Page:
Consequently, in recent years, community associations have attempted to adjust their collection policies and procedures in response to these court decisions; however, owners are continuing to take advantage of these new laws for purposes of challenging assessment liens and tendering partial payments to reduce their assessment balance, leaving attorney fees, costs, interest and trustees fees unpaid. Homeowners are becoming more savvy in challenging assessment liens and obstructing the association’s attempts to foreclose.

Given this, what are an association’s options if a seemingly defective lien has been recorded? What if an owner pays only assessments in an attempt to avoid paying the collection fees? What are the association’s options?

Continue reading

By Sandra Gottlieb, Esq. CCAL, Senior/Managing Partner, SwedelsonGottlieb, Community Association Attorneys

The_Communicator_-_Volume_10__Issue_1-300x185Recent legal Developments affect community association interests in a variety of ways. In 2017, the California Court of Appeal decided several cases concerning such issues as title to common area and board member liability. These cases may be instructive to board members and managers. Meanwhile, on the legislative front, new and pending laws affect association interests in the areas of governance, business dealing, FHA certification, annual notifications and use restrictions. Though not a complete or authoritative guide, we hope this article (published in the Winter 2017 Volume 10, Issue 1 of the Communicator, Community Association Institute/Bay Area/Central California Chapter’s news magazine) can be a useful resource for the most relevant legal updates this year. Follow this link or click here to download the article.

Sandra Gottlieb is a community association legal expert who has devoted her practice and that of SwedelsonGottlieb to the representation of California CIDs and HOAs. She can be contacted via email at slg@sghoalaw.com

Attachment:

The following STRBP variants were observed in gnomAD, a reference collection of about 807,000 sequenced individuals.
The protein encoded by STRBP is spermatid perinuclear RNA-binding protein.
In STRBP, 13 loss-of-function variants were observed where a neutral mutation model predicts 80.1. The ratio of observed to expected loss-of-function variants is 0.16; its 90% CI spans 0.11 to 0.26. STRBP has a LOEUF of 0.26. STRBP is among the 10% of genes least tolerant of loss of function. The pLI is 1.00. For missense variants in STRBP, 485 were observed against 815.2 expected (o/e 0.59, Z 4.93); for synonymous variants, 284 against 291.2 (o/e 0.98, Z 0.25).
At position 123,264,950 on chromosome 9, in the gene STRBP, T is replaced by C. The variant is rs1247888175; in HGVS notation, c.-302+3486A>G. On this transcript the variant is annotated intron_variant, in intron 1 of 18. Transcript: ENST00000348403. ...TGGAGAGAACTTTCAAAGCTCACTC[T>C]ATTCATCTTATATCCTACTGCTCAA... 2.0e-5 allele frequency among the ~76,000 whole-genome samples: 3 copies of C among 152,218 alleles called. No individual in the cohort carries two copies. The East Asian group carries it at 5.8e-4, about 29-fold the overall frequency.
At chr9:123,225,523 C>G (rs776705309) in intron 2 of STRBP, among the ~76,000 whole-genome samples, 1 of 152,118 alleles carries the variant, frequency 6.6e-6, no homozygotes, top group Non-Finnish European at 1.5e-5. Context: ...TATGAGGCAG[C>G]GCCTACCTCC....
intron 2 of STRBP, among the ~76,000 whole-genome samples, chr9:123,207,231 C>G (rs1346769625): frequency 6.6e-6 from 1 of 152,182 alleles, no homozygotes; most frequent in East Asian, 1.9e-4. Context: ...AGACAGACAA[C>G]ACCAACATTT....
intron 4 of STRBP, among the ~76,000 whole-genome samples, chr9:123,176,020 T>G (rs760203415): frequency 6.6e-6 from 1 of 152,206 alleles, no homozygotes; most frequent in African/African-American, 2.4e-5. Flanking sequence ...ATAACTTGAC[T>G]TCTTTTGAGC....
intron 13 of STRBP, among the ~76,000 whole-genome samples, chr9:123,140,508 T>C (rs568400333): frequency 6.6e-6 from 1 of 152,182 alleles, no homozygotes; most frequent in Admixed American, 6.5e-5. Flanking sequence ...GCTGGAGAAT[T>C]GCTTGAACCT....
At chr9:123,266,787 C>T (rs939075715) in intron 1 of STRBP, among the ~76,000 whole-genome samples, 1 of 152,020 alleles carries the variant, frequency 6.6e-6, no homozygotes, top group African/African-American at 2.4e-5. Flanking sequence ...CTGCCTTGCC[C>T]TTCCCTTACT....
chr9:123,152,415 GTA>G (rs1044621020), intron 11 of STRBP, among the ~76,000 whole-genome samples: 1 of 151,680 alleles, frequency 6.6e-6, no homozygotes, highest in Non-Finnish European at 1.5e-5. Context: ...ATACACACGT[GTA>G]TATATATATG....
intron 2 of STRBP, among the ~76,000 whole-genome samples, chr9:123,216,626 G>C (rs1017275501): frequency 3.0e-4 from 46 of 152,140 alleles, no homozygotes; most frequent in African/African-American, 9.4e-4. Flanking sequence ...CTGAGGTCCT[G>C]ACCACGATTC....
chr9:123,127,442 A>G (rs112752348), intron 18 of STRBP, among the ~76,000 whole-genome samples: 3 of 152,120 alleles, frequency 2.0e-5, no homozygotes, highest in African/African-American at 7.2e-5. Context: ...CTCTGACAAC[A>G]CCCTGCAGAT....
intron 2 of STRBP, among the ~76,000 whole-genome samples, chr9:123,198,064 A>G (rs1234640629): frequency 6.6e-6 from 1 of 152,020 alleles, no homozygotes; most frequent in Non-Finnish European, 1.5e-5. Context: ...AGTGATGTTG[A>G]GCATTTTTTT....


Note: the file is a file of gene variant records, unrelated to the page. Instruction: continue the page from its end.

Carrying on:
checklist_-_Google_SearchSwedelsonGottlieb annually updates and publishes its Disclosure and Notice Checklist as a resource for Managers and Board Members of California Community Associations. The updated Checklist is 14 pages (there are a lot of things that California community associations are required to give notice of or disclose) and sets out what disclosures and notices California community associations are to provide to homeowners, when and how they are to be provided, as well as other considerations. Included is information regarding the Code requirements for the Annual Budget Report, the Annual Policy Statement, Fiscal Year End Disclosures, and other Additional Disclosures/Notices. We have included information regarding the recent changes to Civil Code Section 4041 relating to the solicitation of owner mailing addresses, etc. and the required New Management Disclosures. Follow this link to download your copy of this important resource.

balcony_waterproofing_-_Google_Search-300x232By David C. Swedelson, Community Association Attorney at SwedelsonGottlieb

Many California community association’s CC&Rs, particularly those in older communities, do not clearly state who is responsible for the repair or replacement of exclusive use common area. This typically relates to the waterproofing of patios and balconies at most condo associations. That is the exclusive use area defined in the CC&Rs that requires repair and/or replacement (for most condominium associations, exclusive use common area is limited to balconies, patios and parking spaces). Before January 1st of 2017, there was some uncertainty as to who is responsible for the repair or replacement of exclusive use common area which led to disputes between associations and owners.

Fortunately, amended Civil Code Section 4775 helps clarify this issue. If the CC&Rs are not clear, we look to Civil Code Section 4775. That section, like former Civil Code section 1364, its predecessor, had since the mid 1980s provided that the association is responsible for repairing, replacing, or maintaining the common area, other than exclusive use common area, and the owner of each separate interest is responsible for maintaining that separate interest and any exclusive use common area appurtenant to the separate interest.